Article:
Accuracy of terminology and methodology in economic analyses in otolaryngology

Eric J. Kezirian, Bevan Yueh

Research output: Contribution to journalArticlepeer-review

18 Scopus citations


OBJECTIVE: Economic studies increasingly guide health care resource allocation decisions. Because rigorous adherence to accepted definitions and research techniques is critical to ensure accuracy, we evaluated the terminology and methods of otolaryngology economic analyses. STUDY DESIGN: A total of 71 articles published from 1990 to 1999 in 6 peer-reviewed otolaryngology journals with terms such as "cost-effective" in their title or representing economic analyses were reviewed for terminology and use of established methodology guidelines. RESULTS: Over half (35 of 66) of terms such as "cost-effective" were used incorrectly, and 60% of articles (39 of 64) confused "charge" and "cost" data. Eleven percent (7 of 64) of papers specified the perspective of their analysis. About half (17 of 30) reported a summary measure such as a cost-effectiveness ratio. Only one third (23 of 63) performed sensitivity analyses. CONCLUSION: Adherence to accepted definitions and research methods is inconsistent, although we did note moderate improvements in making the distinction between costs and charges, defining of study perspective, and performing sensitivity analysis. SIGNIFICANCE: Greater attention to both terminology and methodology can enhance the quality of economic analyses and ultimately improve certain resource allocation decisions.

Original languageEnglish (US)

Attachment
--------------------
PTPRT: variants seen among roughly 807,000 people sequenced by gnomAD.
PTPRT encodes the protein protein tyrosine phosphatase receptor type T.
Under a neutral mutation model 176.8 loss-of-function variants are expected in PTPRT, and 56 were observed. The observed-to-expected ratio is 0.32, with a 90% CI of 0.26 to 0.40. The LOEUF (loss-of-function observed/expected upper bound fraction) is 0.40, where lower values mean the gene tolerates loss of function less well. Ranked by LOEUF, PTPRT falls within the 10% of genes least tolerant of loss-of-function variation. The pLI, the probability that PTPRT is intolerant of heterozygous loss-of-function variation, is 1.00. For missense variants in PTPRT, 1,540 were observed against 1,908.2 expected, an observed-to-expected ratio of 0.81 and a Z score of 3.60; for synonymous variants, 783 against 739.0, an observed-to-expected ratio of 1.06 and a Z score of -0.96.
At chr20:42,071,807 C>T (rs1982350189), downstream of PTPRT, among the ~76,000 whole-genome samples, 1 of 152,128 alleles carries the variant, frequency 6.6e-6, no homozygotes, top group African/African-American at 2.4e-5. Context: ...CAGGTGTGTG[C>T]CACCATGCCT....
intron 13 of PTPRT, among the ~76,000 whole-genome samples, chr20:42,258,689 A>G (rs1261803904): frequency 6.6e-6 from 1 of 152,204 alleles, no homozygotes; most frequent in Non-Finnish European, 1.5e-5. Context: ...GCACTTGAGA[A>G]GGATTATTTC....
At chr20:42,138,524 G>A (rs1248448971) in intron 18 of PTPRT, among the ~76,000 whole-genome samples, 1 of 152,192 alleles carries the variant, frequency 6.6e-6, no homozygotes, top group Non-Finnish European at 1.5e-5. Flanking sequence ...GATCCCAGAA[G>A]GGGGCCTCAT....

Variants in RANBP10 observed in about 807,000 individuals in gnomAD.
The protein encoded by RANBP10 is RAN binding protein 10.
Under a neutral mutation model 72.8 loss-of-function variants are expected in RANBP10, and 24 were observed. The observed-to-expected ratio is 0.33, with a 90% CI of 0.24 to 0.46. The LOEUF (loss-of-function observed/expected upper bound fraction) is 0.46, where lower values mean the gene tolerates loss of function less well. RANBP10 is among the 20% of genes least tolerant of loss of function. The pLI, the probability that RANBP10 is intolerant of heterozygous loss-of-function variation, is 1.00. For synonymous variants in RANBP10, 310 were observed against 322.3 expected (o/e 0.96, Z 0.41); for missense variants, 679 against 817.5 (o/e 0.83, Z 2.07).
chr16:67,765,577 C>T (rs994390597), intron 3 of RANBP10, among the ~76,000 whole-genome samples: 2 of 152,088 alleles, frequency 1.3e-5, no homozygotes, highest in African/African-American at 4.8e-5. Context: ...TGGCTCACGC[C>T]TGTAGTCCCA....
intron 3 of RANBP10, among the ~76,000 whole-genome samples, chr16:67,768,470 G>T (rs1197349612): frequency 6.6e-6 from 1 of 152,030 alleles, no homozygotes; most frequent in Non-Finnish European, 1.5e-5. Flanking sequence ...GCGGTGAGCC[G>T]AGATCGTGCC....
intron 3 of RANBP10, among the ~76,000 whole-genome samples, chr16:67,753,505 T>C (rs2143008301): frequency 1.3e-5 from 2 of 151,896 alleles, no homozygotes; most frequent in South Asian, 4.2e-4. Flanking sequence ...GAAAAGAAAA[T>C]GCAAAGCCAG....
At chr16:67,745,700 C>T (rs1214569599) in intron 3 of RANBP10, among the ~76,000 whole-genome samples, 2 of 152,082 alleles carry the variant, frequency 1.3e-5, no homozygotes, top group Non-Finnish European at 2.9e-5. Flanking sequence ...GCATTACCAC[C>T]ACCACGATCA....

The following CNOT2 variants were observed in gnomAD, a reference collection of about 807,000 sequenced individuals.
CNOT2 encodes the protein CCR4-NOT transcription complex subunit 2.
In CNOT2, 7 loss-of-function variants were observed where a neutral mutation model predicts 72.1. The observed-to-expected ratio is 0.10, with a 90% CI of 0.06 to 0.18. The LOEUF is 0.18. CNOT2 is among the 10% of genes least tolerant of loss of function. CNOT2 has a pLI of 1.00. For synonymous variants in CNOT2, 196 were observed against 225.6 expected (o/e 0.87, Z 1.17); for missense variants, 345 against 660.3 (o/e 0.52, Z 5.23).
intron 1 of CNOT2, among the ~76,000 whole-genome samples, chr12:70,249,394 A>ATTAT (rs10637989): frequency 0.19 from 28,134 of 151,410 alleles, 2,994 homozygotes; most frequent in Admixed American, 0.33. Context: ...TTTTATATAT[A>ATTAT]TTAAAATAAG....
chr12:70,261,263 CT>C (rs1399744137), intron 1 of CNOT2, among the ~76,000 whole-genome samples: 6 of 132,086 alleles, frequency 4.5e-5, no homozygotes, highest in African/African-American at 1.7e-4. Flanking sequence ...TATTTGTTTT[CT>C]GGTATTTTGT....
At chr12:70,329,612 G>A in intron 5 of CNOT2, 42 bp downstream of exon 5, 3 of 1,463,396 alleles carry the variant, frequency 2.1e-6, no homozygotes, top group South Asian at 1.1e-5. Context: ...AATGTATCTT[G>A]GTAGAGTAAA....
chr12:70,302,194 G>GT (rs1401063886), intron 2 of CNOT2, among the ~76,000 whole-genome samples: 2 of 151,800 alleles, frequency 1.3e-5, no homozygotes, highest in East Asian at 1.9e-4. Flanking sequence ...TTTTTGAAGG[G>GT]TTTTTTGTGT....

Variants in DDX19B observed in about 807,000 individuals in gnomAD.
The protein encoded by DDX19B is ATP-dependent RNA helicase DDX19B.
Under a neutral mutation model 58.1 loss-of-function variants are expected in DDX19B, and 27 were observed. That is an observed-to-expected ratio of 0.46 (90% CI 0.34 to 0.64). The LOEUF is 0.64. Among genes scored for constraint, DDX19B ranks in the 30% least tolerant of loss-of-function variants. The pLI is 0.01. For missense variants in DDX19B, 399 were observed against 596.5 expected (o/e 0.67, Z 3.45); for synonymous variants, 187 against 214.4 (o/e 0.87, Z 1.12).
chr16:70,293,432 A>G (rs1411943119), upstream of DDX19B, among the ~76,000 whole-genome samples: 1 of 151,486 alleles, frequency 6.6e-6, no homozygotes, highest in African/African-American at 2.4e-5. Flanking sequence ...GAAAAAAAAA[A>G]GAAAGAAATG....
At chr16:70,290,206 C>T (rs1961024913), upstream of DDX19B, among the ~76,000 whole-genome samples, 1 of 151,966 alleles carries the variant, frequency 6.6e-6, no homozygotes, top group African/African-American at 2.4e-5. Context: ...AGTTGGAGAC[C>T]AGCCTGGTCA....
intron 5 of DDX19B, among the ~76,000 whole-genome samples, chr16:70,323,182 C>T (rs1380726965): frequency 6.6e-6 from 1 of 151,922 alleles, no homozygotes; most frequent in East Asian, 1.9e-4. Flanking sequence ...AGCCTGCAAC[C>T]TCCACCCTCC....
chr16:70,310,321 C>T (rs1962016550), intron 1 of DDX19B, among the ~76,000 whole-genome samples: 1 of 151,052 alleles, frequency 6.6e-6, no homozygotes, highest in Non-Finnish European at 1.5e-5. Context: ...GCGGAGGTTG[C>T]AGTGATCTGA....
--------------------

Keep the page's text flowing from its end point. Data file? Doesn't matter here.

Pages (from-to)496-502
Number of pages7
JournalOtolaryngology - Head and Neck Surgery
Issue number5
StatePublished - 2001

Bibliographical note

Funding Information:
From the University of Washington, Seattle. Presented at the Annual Meeting of the American Academy of Otolaryngology–Head and Neck Surgery Foundation, Inc, New Orleans, LA, September 26-29, 1999 The research presented here was supported in part by the Department of Veterans Affairs, Veterans Health Administration, Health Services Research and Development Service (CD-98318-A). Dr Yueh is a Research Associate at the VA Puget Sound Health Care System. The views expressed in this article are those of the authors and do not necessarily represent the views of the Department of Veterans Affairs. Reprint requests: Eric J. Kezirian, MD, MPH, University of Washington, Box 356515, Seattle, WA 98195-6515; e-mail, kezirian Copyright © 2001 American Association of Otolaryngology—Head and Neck Surgery Foundation, Inc. 0194-5998/2001/$35.00 + 0 23/1/114675 doi:10.1067/mhn.2001.114675


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